No need for Chinese to panic if they fail to reach trade deal with the US, says HK university don

In the worst-case scenario of all exports from China to the US being halted as a result of the US imposing 25 per cent tariffs on all Chinese goods, 2.5 percentage points will be shaved from growth.
In the worst-case scenario of all exports from China to the US being halted as a result of the US imposing 25 per cent tariffs on all Chinese goods, 2.5 percentage points will be shaved from growth.PHOTO: AFP

SINGAPORE - Even if China and the United States fail to agree on a trade deal when their leaders meet later this month, there is no need for the Chinese to panic because the damage to their economy will be bearable.

This is because the Chinese economy is not as dependent on exports as in the past, being more domestic demand-driven now than export-driven, said Professor Lawrence Lau of the Chinese University of Hong Kong.

It will likely lose 1.1 percentage points from its projected growth of 6 to 6.5 per cent this year, he said at the Inaugural John C.H. Wong Distinguished Public Lecture, organised by the National University of Singapore's East Asian Institute (EAI) and held at Sheraton Towers on Friday (March 8).

In the worst-case scenario of all exports from China to the US being halted as a result of the US imposing 25 per cent tariffs on all Chinese goods, 2.5 percentage points will be shaved from growth.

This will mean that the Chinese economy will grow at 3.5 to 4 per cent, "not a bad rate", Prof Lau said. "So there is really no need to panic... the sky is not falling."

China and the US have been engaged in a tariff war since July last year, with each side having imposed tit-for-tat tariffs of 25 per cent on US$50 billion (S$68 billion) worth of goods on the other. The US has also levied 10 per cent tariffs on US$200 billion of imports from China, and the Chinese levied the same rate on US$60 billion of goods from the US.

US President Donald Trump has threatened to raise the 10 per cent tariff rate to 25 per cent and to impose tariffs on another US$267 billion worth of Chinese imports if the two sides cannot reach a deal.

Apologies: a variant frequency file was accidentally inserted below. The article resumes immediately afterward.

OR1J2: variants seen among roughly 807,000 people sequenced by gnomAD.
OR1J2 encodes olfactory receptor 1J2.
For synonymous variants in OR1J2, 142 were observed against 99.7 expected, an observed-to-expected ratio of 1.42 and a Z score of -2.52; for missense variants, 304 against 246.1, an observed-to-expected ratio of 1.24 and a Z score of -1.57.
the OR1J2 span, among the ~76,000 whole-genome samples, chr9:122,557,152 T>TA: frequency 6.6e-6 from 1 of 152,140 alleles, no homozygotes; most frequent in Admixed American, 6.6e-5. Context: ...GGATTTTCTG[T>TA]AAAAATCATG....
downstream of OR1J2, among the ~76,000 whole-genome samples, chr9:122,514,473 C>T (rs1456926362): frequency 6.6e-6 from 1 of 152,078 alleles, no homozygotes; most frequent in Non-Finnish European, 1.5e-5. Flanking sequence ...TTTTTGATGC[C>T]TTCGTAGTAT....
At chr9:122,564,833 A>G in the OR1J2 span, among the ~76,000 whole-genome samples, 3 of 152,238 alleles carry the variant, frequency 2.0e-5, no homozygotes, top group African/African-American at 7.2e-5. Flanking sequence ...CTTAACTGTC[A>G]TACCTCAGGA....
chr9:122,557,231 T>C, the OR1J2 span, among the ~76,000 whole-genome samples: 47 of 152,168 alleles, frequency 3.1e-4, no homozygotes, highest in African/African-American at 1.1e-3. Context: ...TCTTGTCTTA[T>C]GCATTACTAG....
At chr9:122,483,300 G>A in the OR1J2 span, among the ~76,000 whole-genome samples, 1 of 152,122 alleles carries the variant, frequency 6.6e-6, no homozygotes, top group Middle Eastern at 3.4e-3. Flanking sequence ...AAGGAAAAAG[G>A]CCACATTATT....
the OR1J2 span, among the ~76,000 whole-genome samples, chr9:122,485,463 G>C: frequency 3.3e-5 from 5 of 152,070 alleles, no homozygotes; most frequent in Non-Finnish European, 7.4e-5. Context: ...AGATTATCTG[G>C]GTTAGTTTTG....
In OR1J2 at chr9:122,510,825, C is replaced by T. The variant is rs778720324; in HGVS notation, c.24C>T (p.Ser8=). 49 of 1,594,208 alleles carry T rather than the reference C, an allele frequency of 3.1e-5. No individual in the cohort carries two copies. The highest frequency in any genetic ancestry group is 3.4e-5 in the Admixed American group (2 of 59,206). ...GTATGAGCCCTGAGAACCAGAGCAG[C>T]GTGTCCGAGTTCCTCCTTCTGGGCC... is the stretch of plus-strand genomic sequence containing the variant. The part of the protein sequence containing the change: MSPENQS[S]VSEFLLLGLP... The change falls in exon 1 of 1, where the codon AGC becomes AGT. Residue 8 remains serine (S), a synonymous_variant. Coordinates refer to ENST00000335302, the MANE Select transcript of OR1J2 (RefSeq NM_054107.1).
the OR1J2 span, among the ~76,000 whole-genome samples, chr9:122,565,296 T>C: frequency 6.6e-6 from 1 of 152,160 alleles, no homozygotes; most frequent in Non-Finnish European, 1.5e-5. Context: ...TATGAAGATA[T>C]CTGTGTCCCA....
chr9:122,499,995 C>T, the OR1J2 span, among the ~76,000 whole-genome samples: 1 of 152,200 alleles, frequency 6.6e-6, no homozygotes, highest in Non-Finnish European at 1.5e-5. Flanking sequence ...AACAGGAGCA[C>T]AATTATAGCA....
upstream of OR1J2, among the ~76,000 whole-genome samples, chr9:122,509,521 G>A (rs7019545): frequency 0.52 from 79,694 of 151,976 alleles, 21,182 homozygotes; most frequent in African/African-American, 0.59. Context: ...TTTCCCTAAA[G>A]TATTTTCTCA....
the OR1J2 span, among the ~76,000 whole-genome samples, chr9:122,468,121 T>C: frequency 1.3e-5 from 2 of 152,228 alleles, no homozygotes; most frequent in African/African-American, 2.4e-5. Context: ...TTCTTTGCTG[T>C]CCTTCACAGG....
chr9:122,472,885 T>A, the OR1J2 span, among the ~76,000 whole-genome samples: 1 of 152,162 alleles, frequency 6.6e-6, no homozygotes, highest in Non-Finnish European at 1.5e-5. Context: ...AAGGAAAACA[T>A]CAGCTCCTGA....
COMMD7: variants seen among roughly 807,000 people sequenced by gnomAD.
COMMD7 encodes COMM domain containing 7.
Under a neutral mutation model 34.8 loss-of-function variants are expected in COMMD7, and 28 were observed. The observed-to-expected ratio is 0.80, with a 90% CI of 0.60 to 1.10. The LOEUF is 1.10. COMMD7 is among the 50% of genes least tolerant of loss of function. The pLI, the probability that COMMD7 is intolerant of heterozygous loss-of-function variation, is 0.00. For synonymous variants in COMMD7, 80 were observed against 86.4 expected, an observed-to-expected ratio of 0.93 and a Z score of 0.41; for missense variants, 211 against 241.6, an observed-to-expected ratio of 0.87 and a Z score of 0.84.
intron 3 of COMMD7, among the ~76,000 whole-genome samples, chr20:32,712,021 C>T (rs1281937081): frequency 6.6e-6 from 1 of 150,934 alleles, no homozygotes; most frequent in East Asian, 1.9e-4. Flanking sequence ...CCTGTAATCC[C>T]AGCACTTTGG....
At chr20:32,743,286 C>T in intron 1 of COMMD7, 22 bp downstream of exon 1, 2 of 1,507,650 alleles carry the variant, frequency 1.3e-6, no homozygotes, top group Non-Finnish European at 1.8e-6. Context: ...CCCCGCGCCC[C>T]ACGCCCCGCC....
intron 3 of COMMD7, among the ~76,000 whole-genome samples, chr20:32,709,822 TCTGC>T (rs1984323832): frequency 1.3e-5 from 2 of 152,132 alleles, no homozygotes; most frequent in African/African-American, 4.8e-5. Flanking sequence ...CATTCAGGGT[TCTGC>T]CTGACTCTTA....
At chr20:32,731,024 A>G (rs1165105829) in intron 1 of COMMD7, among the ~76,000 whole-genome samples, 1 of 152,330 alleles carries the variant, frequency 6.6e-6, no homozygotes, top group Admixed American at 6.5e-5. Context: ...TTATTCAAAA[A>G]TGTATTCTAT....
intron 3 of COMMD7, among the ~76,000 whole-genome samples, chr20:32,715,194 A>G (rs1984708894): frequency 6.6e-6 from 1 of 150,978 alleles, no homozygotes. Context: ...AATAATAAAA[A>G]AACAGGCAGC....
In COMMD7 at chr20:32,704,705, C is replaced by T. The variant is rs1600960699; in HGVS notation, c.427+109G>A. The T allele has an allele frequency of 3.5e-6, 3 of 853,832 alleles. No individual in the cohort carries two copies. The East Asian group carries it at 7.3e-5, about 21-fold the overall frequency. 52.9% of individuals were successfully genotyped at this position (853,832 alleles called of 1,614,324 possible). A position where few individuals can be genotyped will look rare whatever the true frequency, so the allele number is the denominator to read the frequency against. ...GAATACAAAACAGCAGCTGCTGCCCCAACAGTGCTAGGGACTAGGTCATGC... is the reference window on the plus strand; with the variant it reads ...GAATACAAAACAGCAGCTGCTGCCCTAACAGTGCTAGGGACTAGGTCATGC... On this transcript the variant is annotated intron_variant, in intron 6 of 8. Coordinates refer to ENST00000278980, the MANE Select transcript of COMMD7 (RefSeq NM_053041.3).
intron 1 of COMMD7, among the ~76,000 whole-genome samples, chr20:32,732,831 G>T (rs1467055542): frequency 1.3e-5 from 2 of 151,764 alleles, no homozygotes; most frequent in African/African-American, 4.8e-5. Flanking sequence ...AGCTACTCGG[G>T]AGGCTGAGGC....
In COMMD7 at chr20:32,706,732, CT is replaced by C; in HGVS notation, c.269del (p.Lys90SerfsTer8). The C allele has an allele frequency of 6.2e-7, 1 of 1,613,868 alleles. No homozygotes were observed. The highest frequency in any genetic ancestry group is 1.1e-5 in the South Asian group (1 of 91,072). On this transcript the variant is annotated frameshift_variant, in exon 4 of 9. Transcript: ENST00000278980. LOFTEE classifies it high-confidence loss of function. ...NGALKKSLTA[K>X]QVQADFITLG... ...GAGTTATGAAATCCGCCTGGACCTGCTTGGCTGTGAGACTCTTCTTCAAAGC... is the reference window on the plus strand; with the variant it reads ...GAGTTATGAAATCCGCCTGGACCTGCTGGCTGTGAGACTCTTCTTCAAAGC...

The deadline for a deal was moved from the end of last year to March 1 this year as the two sides failed to reach agreement, and Mr Trump has delayed it again without giving a new deadline.

He has said that he will sign an agreement with Chinese President Xi Jinping when they meet at his Mar-a-Largo resort in Florida, and expectation is that they will meet in late March.

There is much uncertainty as to whether a deal will be sealed, and it is wise of Chinese Premier Li Keqiang to give a growth target for this year of between 6 per cent and 6.5 per cent, said Prof Lau.

"He basically signalled that growth won't be lower than 6 per cent, and that is enormously important in terms of maintaining the Chinese people's confidence," said Prof Lau.

While a trade deal this month is possible, the trade war is just the tip of the iceberg of a larger problem, which is the US fear of China overtaking it.

"All of a sudden, the Americans are discovering that China is growing too fast," said Prof Lau.

In 2000, China's gross domestic product was just one-fifth that of the US. But in 2017, in a span of 17 years, China's GDP has grown to be two-thirds that of the US.

Prof Lau said the US fear of being overtaken by China has been there since the administration of President Barack Obama. Mr Obama's pivot to Asia and the Trans-Pacific Partnership trade deal were efforts to contain China.

He said, however, that the US need not fear China overtaking it because its GDP per capita, at US$60,000, is six times that of China's which is expected to reach US$10,000 last year. It will take the Chinese to the end of this century to catch up with the Americans.

Instead, the two countries should work to promote economic inter-dependence in order to restore mutual trust, he said, noting that there is a great deal of suspicion in the US about Chinese motives.

This is necessary to avoid the Thucydides trap of war between a rising power and an existing one, he said.

Apart from the lecture, a book of essays in honour of the late Prof John Wong who died in June last year, China's Economic Modernisation and Structural Changes, was also launched on Friday.

Prof Wong was professorial fellow and academic adviser, and former research director, of the EAI.

Among those who paid tribute to Prof Wong on Friday was Prof Wang Gungwu, former chairman of the EAI, who said Prof Wong had done much for the institute and that his passing left a big hole in it.